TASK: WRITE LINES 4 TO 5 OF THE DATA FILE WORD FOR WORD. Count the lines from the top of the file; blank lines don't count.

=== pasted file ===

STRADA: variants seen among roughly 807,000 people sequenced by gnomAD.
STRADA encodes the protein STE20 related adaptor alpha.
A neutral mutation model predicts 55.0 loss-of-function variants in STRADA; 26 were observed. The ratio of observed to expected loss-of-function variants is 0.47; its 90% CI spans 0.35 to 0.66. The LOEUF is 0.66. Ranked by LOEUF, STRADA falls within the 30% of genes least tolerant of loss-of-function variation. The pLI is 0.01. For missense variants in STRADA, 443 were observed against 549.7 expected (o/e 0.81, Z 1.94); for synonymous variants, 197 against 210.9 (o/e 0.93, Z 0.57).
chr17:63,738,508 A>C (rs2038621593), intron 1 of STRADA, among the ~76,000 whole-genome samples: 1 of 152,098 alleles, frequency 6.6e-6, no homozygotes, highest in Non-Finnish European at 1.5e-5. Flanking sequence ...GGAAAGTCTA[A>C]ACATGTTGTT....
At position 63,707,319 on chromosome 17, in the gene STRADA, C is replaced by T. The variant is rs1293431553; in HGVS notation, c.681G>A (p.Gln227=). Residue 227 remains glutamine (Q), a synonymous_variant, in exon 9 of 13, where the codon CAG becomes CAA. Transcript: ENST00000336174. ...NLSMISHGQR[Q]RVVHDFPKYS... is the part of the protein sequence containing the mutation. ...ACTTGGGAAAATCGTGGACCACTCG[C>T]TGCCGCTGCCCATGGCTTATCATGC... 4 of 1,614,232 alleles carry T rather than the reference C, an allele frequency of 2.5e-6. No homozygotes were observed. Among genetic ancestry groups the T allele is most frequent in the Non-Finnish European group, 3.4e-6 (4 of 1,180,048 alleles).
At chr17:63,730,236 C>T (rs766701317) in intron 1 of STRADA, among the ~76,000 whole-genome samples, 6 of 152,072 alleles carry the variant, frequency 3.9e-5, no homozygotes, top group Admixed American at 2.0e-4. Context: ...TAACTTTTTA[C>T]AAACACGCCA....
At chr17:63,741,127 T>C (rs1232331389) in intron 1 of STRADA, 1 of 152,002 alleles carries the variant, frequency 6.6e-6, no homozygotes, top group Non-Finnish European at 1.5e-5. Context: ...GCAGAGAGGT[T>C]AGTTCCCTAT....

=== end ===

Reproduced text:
chr17:63,738,508 A>C (rs2038621593), intron 1 of STRADA, among the ~76,000 whole-genome samples: 1 of 152,098 alleles, frequency 6.6e-6, no homozygotes, highest in Non-Finnish European at 1.5e-5. Flanking sequence ...GGAAAGTCTA[A>C]ACATGTTGTT....
At position 63,707,319 on chromosome 17, in the gene STRADA, C is replaced by T. The variant is rs1293431553; in HGVS notation, c.681G>A (p.Gln227=). Residue 227 remains glutamine (Q), a synonymous_variant, in exon 9 of 13, where the codon CAG becomes CAA. Transcript: ENST00000336174. ...NLSMISHGQR[Q]RVVHDFPKYS... is the part of the protein sequence containing the mutation. ...ACTTGGGAAAATCGTGGACCACTCG[C>T]TGCCGCTGCCCATGGCTTATCATGC... 4 of 1,614,232 alleles carry T rather than the reference C, an allele frequency of 2.5e-6. No homozygotes were observed. Among genetic ancestry groups the T allele is most frequent in the Non-Finnish European group, 3.4e-6 (4 of 1,180,048 alleles).